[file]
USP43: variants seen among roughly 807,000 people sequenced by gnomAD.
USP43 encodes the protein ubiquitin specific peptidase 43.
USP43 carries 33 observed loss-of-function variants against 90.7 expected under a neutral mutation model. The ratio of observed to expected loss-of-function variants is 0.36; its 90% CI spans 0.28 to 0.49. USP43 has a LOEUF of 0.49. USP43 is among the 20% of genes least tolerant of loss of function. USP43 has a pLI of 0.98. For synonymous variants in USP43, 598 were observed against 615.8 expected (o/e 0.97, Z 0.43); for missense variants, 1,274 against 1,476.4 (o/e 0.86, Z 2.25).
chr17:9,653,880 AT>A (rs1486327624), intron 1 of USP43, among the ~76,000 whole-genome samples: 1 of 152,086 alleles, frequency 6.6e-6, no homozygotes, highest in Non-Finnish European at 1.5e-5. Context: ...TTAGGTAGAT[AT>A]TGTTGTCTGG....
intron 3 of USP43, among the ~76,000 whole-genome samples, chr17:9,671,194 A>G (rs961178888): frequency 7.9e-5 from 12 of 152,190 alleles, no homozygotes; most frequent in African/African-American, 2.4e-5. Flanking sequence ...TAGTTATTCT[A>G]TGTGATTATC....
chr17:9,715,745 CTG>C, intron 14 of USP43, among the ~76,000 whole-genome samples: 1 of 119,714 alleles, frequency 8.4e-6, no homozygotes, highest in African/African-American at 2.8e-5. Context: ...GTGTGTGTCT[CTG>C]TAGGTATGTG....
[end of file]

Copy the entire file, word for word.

USP43: variants seen among roughly 807,000 people sequenced by gnomAD.
USP43 encodes the protein ubiquitin specific peptidase 43.
USP43 carries 33 observed loss-of-function variants against 90.7 expected under a neutral mutation model. The ratio of observed to expected loss-of-function variants is 0.36; its 90% CI spans 0.28 to 0.49. USP43 has a LOEUF of 0.49. USP43 is among the 20% of genes least tolerant of loss of function. USP43 has a pLI of 0.98. For synonymous variants in USP43, 598 were observed against 615.8 expected (o/e 0.97, Z 0.43); for missense variants, 1,274 against 1,476.4 (o/e 0.86, Z 2.25).
chr17:9,653,880 AT>A (rs1486327624), intron 1 of USP43, among the ~76,000 whole-genome samples: 1 of 152,086 alleles, frequency 6.6e-6, no homozygotes, highest in Non-Finnish European at 1.5e-5. Context: ...TTAGGTAGAT[AT>A]TGTTGTCTGG....
intron 3 of USP43, among the ~76,000 whole-genome samples, chr17:9,671,194 A>G (rs961178888): frequency 7.9e-5 from 12 of 152,190 alleles, no homozygotes; most frequent in African/African-American, 2.4e-5. Flanking sequence ...TAGTTATTCT[A>G]TGTGATTATC....
chr17:9,715,745 CTG>C, intron 14 of USP43, among the ~76,000 whole-genome samples: 1 of 119,714 alleles, frequency 8.4e-6, no homozygotes, highest in African/African-American at 2.8e-5. Context: ...GTGTGTGTCT[CTG>C]TAGGTATGTG....